France’s Golden Arch-enemy?

“We have nothing against the Americans. It’s the American system we’ve had enough of – all that bad food makes for bad thinking.” Did she ever eat at McDonald’s? “Well, sometimes I have no choice. And I get a stomach ache.”

The Toronto Star
July 1, 2000

France’s Golden Arch-enemy?
Compatriots lend support to farmer accused of trashing McDonald’s
Charles TrueHeart

MILLAU, France – To hear the defendants and the 20,000 supporters who packed this little town tell it and yell it, the criminal trial that opened here yesterday was not really about 10 local men charged with trashing a McDonald’s. Not, it was farm vs. city, authentic food vs. junk food, local vs. global, France vs. the United States

“We’re making it the trial of globalization,” declared one of dozens of unnamed partisans pumping up the crowds in the sunny Millau town square before the trial started.

And no need, really, for the trial.

“The verdict is already in,” the speaker said. “No to the World Trade Organization. No to globalization.”

The man a the centre of this unusual spectacle, a sheep farmer and long-time rural activist named, was borne into the cheering, whistling crowd on a hay wagon – yet another symbol of the worldwide struggle he has helped to crystallize.

A CSA-Le Parisien poll released yesterday showed broad support in France for Bove. President Jacques Chirac and Prime Minister Lionel Jospin have cozied up to the jovial 47-year-old farmer with the oversized moustache. In taking a stand against all that McDonald’s stand for, he appears to have tapped into a swell of public discontent over a range from genetically modified food to plain bad food.

“The party is wonderful. WE must continue our fight this weekend with joy,” Bove declared before being propelled with his co-defendants through the throng and into the courthouse.

The 10 defendants, members of the Peasant Confederation charged with wrecking the restaurant while it was still under construction here last Aug. 12, have brought 17 witnesses, including activists form around the world, to speak for them in court. A verdict could come by summer’s end.

The “symbolic dismantling,” in Bove’s words, of the McDonald’s outlet resulted in the more than $150,000 in damages, according to the restaurant chain. Alain Soulie, a co-defendant, explained to a French newspaper that the event had been a “a festive dismantling with collateral damage.”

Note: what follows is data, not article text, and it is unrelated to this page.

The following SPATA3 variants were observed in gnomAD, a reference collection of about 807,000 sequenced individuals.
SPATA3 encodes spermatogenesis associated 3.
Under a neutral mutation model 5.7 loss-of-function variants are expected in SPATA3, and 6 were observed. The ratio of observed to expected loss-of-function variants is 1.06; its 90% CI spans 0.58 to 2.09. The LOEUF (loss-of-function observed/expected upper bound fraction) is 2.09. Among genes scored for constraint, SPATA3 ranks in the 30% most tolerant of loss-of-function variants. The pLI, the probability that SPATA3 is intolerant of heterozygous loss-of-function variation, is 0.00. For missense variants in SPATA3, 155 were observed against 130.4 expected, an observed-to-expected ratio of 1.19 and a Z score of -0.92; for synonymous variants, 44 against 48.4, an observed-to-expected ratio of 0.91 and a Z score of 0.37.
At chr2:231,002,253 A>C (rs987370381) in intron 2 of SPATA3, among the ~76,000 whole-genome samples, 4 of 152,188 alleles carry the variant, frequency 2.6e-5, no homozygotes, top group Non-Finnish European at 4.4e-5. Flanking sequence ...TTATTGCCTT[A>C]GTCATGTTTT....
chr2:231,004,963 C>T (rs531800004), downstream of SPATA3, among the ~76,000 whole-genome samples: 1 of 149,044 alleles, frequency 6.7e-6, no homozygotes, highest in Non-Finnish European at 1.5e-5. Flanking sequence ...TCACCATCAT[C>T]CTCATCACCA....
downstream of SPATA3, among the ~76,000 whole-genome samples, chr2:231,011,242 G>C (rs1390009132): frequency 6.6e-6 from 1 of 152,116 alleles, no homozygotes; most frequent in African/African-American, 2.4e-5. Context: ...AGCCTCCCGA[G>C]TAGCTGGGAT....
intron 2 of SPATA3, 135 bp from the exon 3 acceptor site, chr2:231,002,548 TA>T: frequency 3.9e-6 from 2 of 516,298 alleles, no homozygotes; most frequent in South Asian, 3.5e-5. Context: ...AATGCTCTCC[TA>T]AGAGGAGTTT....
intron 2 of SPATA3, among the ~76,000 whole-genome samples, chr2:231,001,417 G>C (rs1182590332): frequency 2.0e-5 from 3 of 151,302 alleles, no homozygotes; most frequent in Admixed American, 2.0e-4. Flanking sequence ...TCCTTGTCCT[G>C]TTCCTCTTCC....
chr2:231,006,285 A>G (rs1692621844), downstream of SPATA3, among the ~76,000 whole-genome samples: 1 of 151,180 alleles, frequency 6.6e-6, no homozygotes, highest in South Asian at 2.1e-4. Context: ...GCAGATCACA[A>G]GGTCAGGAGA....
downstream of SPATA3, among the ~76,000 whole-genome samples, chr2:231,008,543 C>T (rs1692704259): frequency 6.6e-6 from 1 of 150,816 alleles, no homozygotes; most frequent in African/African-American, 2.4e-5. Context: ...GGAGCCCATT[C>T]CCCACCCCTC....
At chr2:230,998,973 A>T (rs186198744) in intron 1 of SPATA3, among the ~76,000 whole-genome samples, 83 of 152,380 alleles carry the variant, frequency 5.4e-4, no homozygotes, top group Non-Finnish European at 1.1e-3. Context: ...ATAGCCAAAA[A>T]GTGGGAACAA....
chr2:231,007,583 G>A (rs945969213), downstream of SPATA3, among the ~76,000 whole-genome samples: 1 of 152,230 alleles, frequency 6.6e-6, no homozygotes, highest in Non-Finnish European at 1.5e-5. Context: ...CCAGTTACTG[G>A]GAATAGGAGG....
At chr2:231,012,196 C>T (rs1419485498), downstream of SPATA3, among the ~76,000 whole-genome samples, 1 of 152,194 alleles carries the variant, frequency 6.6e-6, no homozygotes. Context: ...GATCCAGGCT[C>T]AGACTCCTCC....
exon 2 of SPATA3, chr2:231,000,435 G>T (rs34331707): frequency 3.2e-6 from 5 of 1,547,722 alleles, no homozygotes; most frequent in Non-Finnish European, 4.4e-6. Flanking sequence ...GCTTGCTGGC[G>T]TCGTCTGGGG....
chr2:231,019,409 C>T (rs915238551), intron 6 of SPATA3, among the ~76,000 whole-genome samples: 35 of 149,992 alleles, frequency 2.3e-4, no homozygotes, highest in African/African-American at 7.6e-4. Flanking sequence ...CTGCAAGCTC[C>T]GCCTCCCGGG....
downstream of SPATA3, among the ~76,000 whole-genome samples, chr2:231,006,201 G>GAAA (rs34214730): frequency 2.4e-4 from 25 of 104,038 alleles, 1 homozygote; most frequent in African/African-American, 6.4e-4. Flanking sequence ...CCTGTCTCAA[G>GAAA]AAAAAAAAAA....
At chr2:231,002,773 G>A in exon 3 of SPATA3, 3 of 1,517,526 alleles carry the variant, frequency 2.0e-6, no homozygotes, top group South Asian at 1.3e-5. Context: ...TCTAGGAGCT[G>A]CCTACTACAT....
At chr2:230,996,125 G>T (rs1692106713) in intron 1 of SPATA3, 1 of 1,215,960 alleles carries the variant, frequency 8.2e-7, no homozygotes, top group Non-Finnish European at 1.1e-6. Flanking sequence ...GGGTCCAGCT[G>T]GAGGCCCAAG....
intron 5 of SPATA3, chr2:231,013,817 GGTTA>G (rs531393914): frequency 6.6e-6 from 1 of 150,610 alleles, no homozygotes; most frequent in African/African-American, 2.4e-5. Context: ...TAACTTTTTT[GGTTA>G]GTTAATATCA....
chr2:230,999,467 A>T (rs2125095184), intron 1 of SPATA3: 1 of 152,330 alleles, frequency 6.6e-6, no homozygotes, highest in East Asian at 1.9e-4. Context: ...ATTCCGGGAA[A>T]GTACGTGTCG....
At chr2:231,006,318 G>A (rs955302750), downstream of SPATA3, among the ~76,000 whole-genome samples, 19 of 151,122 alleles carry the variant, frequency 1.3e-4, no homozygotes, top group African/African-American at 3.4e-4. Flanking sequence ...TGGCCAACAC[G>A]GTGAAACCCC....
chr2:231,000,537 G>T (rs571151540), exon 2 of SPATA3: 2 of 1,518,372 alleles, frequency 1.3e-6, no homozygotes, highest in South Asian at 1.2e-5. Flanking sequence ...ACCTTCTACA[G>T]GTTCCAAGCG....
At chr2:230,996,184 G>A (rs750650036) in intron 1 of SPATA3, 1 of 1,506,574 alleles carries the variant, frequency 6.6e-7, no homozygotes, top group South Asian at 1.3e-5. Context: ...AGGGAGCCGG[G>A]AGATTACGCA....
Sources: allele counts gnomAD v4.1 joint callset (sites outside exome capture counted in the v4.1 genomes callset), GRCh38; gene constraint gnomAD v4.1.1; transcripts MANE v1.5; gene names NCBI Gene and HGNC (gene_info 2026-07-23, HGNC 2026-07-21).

Those charged face as much as five years in jail and a $100,000 fine if convicted. Bove has warned of trouble if that happens.

“People will go on the streets across France and cause serious damage to the government,” he warned.

The famous restaurant – now completed – is closed today, as it was yesterday. It stood encircled by busloads of French security forces. No violence was reported.

Unlike his nine co-defendants, Bove spent 19 days in jail after his arrest, refusing to post bond. In custody he also has himself photographed, smiling, handcuffed wrists held in the air.

The cuffed wrists have become his symbol: The most popular T-shirt selling here today shows the glove open in the form of a huge jaw, and from its maw protrude the familiar arms in manacles, keeping the teeth from snapping shut.

The slogan on the T-shirt: “The world is not merchandise, and neither am I.”

Despite nine months of angry protest against the French criminal justice system, Bove and his friends have enjoyed international attention they could not have anticipated when they singled out the Golden Arches for a protest action.

Bove’s beef last August was specific, local and personal.

Retaliating against Europe for banning imports of hormone-treated U.S. beef, the U.S. government had just imposed 100 per cent tariffs on certain French and other European specialty products such as foie gras, mustard and Roquefort cheese. On a farm near here, Bove raises sheep whose milk is used to make the Roquefort, which is cooled in cellars to ferment the cheese’s bitter veins.

Said one young protester, Sylvie Monot: “We have nothing against the Americans. It’s the American system we’ve had enough of – all that bad food makes for bad thinking.”

Did she ever eat at McDonald’s?

“Well, sometimes I have no choice. And I get a stomach ache.”

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